Town Manager outlines plan for new Senior Center

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The Allen Avenue School, closed in 2015, requires substantial repairs—such as a sprinkler and HVAC system—before it can be used again. Past discussions have suggested moving the health-related town offices to the building. Staff Photo/Max Bowen

By Max Bowen-max.bowen@northstarreporter.com

From an increasing senior population to more signing up for programs, the town’s elders raised a number of concerns with the plan to move the Senior Center to Allen Avenue School.

At an informational meeting held on Oct. 26, Town Manager Michael Borg spoke on his proposal to spend $5 million in American Rescue Plan Act (ARPA) funding to renovate the school. The town is slated to receive nearly $8 million and has four years to spend it.

Closed in 2015, the school has been largely unused and has a host of necessary repairs. $50,000 was spent 18 months ago to analyze the building and identify these issues, which include a leaky roof, removing hazardous materials, and a new fire suppression system.

Borg said the town planned to sell the property and looked at the Emerald Square Mall—now in receivership—as a possible new site for the Senior Center.

As we tried to focus in on that, then ARPA fell out of the sky,” he said. “One of the projects I immediately thought of was Allen Avenue. I saw a potential solution to give the seniors a permanent place that is our own—it’s town property.”

Repairs would take an estimated three years to complete, with a year to receive designs and another 9-18 months for construction to be completed. An Owner Project Manager would be hired to supervise the project and deal with unexpected or increased costs. In addition, Borg thinks the site could also accommodate departments such as the Veterans Agent and Council on Disabilities, as well as Lenore’s Pantry.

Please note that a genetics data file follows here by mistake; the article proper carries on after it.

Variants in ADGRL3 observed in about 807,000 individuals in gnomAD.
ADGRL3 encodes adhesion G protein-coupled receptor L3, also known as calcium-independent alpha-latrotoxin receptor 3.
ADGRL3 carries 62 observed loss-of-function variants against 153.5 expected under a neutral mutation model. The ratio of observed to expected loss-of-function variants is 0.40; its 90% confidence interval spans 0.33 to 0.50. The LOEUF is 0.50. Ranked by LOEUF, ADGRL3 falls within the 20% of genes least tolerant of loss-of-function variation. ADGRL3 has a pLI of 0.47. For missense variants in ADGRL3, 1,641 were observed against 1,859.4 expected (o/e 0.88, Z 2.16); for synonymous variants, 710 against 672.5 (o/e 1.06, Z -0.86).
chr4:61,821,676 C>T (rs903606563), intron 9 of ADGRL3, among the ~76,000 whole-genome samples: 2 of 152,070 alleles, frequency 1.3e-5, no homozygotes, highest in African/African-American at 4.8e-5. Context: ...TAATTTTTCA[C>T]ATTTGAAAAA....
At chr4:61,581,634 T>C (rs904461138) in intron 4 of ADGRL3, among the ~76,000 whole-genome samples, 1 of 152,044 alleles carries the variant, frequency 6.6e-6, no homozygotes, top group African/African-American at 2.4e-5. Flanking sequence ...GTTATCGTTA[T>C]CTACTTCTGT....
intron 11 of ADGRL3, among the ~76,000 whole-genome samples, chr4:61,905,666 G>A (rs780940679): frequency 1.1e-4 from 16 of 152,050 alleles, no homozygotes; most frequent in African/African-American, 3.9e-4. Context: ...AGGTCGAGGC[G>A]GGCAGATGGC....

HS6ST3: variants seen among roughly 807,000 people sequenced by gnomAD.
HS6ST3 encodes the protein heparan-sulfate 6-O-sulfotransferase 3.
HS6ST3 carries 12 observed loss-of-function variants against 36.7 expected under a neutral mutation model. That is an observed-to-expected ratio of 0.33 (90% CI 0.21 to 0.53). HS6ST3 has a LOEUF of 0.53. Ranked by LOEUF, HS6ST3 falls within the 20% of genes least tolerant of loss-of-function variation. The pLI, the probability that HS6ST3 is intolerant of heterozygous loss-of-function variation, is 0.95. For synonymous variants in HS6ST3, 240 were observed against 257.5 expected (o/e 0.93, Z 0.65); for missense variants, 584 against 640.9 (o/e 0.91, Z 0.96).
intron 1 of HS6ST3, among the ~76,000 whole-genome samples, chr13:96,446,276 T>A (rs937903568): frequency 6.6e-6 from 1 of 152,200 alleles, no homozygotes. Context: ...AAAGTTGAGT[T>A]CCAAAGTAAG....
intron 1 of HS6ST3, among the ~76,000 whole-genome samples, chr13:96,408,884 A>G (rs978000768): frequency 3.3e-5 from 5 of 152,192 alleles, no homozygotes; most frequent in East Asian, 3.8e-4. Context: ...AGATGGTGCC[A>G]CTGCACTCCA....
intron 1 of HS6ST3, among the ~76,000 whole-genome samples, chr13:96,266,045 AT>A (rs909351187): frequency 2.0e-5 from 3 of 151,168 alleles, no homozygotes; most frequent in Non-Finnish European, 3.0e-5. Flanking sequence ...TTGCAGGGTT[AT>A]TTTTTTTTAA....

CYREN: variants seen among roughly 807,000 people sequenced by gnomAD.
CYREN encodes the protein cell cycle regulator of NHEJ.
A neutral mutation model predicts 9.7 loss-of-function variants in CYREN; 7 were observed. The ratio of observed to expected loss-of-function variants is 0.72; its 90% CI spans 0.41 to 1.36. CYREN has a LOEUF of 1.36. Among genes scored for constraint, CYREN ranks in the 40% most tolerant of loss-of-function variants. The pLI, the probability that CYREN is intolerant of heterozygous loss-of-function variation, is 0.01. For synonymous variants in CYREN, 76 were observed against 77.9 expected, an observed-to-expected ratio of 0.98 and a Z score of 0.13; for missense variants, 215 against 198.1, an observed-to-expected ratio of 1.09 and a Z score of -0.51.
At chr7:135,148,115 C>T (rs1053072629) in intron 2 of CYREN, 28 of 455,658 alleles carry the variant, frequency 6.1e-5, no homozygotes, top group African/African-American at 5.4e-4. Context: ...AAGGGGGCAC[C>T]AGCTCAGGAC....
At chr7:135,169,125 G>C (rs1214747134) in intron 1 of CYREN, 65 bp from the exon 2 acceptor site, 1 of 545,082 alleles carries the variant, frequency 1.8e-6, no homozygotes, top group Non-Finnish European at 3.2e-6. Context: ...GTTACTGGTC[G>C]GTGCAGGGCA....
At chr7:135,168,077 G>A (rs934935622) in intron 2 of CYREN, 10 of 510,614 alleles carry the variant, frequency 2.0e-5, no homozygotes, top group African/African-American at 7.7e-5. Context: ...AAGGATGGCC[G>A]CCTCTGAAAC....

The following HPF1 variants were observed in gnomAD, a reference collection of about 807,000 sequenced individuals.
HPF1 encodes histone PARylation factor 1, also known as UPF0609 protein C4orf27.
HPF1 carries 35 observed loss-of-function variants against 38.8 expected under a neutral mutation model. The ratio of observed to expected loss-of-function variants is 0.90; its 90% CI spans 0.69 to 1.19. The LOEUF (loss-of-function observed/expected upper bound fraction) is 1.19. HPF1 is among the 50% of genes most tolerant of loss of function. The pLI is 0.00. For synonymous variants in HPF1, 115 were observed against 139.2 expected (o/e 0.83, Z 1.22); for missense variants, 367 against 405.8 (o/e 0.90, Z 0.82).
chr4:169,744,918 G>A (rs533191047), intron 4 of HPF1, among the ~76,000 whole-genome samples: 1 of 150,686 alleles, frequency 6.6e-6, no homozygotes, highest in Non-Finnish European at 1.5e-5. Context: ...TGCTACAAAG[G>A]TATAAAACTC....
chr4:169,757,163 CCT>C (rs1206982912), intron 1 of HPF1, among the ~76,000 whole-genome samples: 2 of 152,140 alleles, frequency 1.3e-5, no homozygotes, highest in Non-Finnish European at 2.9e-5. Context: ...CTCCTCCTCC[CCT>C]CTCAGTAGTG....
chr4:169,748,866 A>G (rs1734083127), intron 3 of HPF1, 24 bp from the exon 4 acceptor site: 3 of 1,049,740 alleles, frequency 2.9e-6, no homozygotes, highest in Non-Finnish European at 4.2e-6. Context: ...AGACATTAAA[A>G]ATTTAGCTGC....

The end result is a facility that I believe is perfect for your needs and it can flex into the future and provide you a space for whatever activities you imagine,” said Borg.

One resident said the town’s population of senior citizens has risen steadily over the years and is now at approximately 6,000. Census predictions has it rising to 8,000 by 2030. They suggested that the entire school be used for the Senior Center and temporary classrooms adjacent to the building become the new home for town departments. Another said that many don’t participate in programs due to the limited room, but this would increase if the Senior Center was moved. Borg said they will work closely to manage the space available.

We’re committed to working with the departments to ensure this works,” he said.

Council on Aging Director Pam Hunt said that it was good to see the town step up and address the need for a new Senior Center. The current center is run out of the Howard Estate on Elm Street and $30,000 is paid to lease the property. She said that when she and Borg met, the first thing he noticed was that a new location was needed.

I know you made that commitment the first time you walked in the door,” she said. “We might need to make do and share.”

Town Councilors Justin Pare and John Simmons were also at the meeting and expressed their support for the proposal. State Rep. Adam Scanlon said even if the cost of work increases, there are other sources of funding.

Working together we will get this done,” said Simmons. “We want this to be a better situation.”